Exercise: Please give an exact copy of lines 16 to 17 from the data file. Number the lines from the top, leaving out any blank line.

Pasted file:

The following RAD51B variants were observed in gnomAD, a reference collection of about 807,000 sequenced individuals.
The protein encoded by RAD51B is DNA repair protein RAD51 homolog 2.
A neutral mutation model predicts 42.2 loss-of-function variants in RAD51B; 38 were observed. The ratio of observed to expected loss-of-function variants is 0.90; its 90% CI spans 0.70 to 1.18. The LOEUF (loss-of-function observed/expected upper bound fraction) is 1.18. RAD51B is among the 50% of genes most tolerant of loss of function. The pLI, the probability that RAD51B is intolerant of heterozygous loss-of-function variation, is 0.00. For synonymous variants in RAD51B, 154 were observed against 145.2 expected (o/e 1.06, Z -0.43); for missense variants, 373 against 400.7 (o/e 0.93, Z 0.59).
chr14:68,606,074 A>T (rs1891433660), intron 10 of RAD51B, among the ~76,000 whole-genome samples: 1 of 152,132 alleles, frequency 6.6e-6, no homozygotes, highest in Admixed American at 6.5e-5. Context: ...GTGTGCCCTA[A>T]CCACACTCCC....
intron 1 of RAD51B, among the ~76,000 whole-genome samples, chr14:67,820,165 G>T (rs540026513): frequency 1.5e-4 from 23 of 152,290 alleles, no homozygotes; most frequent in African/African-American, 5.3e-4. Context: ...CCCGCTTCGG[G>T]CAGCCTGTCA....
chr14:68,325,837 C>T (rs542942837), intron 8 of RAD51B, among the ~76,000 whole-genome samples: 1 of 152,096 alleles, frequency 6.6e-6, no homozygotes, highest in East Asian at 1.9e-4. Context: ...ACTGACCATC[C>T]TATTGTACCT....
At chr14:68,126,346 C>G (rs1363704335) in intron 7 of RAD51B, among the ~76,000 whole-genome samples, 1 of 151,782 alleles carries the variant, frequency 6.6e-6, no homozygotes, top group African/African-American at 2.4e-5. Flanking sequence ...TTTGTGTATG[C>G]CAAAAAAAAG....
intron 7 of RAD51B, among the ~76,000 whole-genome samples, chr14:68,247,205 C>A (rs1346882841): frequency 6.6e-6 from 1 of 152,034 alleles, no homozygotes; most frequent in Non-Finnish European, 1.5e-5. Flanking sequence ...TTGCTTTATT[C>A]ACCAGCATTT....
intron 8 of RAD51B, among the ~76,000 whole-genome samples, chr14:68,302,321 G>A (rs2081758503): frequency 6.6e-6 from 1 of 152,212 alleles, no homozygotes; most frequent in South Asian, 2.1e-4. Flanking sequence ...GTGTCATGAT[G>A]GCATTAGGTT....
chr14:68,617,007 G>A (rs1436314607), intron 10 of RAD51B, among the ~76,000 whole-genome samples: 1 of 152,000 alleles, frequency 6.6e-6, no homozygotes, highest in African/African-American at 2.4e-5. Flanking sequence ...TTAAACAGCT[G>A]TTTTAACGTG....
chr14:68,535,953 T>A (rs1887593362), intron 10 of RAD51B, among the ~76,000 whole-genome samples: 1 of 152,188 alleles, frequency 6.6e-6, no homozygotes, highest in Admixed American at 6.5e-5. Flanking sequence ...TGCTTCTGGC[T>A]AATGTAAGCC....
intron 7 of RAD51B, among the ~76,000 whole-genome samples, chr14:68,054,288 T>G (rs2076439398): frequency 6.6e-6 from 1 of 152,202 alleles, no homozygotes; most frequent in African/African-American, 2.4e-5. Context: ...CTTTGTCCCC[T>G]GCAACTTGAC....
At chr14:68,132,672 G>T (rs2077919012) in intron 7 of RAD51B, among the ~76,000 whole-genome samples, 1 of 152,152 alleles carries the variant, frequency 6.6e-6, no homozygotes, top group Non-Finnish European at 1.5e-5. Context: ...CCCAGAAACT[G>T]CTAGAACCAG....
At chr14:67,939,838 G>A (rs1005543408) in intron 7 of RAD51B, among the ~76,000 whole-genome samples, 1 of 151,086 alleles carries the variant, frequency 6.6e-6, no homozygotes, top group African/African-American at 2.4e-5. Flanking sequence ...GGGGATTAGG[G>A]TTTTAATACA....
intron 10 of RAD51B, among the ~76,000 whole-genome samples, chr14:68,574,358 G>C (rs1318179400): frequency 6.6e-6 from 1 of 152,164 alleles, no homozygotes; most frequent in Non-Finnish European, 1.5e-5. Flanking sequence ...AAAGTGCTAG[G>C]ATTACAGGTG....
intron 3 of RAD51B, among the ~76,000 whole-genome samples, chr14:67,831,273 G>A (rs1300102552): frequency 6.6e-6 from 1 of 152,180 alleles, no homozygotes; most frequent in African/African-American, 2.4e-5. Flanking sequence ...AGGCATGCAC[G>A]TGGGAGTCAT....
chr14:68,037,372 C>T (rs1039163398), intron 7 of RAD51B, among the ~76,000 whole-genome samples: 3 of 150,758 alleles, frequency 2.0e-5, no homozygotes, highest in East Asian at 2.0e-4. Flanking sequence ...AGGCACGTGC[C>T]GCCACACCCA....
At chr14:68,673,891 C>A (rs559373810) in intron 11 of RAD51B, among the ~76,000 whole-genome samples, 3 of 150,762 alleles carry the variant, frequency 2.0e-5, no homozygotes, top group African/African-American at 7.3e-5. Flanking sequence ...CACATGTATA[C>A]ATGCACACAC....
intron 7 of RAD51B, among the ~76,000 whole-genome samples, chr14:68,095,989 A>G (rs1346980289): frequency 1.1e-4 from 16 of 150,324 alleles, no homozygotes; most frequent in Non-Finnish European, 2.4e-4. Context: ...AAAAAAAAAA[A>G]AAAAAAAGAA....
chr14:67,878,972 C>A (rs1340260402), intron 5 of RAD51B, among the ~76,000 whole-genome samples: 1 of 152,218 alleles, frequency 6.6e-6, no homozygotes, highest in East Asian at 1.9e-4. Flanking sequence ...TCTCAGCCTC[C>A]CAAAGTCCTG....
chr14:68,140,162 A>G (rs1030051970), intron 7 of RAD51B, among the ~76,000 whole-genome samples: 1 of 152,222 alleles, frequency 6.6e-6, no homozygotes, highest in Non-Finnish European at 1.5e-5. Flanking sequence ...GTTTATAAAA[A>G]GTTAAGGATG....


intron 3 of RAD51B, among the ~76,000 whole-genome samples, chr14:67,831,273 G>A (rs1300102552): frequency 6.6e-6 from 1 of 152,180 alleles, no homozygotes; most frequent in African/African-American, 2.4e-5. Flanking sequence ...AGGCATGCAC[G>A]TGGGAGTCAT....
chr14:68,037,372 C>T (rs1039163398), intron 7 of RAD51B, among the ~76,000 whole-genome samples: 3 of 150,758 alleles, frequency 2.0e-5, no homozygotes, highest in East Asian at 2.0e-4. Flanking sequence ...AGGCACGTGC[C>T]GCCACACCCA....